What we do

Financial Life Skills

Closing the opportunity divide through economic self-sufficiency mindsets and skillsets

Mentoring Support

Guiding, directing, and inspiring mentees through influencers of trust.

Personal Branding

Empowering participants to maximize and monetize their marketable value proposition.

Emotional Wellness

Helping at-risk populations break free from what's holding them back.

About LFYO

LFYO offers empowerment-based programs and learning experiences to close the troubling opportunity, academic, and economic gaps in our society. This can be achieved through the following programs and content areas: financial wellness, personal branding and development, professional success, college and career readiness, mentoring guidance and momentum support, violence prevention, social and emotional learning, and brain development exercises.


To improve the life prospects and legacy pathways of vulnerable populations through targeted programming in the areas of personal, educational, nutritional, financial, and emotional wellbeing.


Our cutting-edge programs provide the impetus for at-risk populations in Central and Appalachia Ohio to change the trajectory of their lives, and more importantly, transform their legacies one vision upgrade at a time.

Organization History

LFYO started in 1998 and has impacted the lives and legacies of more than 30,000 youth and families across the country. We have conducted programs in Sacramento, Houston, Atlanta, Chicago, and in our home base, Columbus, Ohio. Through LFYO, our founder and president, Lawrence Funderburke, has received numerous awards from city officials and organizations, including the NBA’s first Hometown Hero of the Month award for our non-profit’s work with inner-city youth. LFYO has also received extensive media coverage as an empowerment crusader and bridge-builder organization.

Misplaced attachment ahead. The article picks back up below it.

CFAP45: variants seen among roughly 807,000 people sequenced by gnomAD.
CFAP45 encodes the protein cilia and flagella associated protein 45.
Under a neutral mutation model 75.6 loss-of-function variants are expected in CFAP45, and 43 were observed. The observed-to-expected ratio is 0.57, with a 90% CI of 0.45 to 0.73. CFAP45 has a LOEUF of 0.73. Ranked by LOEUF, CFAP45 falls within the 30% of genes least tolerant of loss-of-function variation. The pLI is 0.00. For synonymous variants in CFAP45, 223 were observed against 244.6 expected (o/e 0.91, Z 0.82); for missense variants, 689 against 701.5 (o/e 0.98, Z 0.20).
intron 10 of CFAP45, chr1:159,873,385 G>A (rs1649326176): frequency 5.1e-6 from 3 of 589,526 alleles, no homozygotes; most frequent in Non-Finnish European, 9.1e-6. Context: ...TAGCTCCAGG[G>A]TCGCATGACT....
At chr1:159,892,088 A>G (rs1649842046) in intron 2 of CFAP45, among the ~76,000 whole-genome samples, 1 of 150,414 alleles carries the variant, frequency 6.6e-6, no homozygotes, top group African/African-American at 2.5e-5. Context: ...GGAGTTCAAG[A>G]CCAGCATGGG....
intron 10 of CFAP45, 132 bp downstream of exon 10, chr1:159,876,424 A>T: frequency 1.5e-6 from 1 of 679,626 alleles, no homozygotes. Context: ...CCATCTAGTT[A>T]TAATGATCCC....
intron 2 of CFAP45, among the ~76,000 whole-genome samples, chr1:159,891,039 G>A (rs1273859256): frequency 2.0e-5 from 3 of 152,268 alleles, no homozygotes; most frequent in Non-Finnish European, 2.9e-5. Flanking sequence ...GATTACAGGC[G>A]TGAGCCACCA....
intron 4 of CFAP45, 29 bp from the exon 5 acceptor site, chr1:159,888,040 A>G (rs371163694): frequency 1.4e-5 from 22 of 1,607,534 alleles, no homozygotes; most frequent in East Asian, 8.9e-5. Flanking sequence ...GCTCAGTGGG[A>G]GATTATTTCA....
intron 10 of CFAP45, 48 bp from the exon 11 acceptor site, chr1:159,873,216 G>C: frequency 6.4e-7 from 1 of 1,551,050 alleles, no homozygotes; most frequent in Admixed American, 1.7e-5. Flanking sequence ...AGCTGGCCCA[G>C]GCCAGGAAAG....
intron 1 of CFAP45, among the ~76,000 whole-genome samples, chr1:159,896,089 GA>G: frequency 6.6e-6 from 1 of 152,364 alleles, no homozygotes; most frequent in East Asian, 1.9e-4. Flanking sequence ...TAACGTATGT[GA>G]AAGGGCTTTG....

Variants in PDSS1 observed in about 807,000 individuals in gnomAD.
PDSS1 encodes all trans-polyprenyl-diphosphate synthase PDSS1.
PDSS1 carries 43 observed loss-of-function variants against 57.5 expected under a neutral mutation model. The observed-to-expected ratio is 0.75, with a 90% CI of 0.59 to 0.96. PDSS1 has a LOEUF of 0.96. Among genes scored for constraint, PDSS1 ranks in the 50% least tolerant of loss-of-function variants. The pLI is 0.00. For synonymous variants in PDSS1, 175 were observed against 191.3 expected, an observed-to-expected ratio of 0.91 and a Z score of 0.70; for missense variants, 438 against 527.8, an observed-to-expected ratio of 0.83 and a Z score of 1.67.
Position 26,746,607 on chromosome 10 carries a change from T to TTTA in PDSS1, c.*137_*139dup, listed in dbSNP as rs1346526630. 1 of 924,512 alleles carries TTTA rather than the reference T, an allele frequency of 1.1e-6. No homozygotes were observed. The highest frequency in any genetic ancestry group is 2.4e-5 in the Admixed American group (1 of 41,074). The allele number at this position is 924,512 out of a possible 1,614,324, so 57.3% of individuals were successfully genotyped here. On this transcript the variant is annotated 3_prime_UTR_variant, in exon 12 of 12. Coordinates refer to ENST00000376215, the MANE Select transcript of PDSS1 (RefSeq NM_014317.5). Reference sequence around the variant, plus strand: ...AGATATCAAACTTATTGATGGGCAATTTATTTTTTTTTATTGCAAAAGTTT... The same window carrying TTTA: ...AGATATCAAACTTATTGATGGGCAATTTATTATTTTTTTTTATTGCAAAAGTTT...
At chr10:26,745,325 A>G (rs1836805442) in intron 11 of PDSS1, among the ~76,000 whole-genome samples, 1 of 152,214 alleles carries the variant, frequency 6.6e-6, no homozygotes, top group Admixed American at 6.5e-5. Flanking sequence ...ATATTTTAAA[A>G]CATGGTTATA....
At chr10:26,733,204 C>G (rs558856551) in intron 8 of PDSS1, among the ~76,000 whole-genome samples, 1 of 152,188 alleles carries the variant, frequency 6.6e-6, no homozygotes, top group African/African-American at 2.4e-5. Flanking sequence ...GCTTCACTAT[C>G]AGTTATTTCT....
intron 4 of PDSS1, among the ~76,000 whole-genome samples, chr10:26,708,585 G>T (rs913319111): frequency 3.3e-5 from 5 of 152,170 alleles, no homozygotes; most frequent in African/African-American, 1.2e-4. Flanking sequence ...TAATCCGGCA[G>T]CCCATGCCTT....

LFYO partners with nonprofit organizations, school districts, community centers, government agencies, and after-school programs throughout Central and Appalachia Ohio (and throughout the region) to improve the life prospects of disadvantaged communities.

Racial Makeup of Board

African American
Middle Eastern
White (Non-Hispanic)

Racial Makeup of Population Served

African American 60%
Hispanic 10%
White (Non Hispanic) 30%

Economic Status of Population Served

*low-to-moderate income

We define low income if a family’s gross annual earnings is 200 percent below the poverty line. Moderate income would be between 200 to 400 percent below the poverty level. On average, seventy-four percent of participants served are considered low income, and 26 percent are moderate income (combined household annual gross income typically less than $90,000).

Disability Categories That Apply to the Population Served

  • Mental Health Conditions
  • Intellectual Disability
  • Autism Spectrum Disorder
  • Physical Disability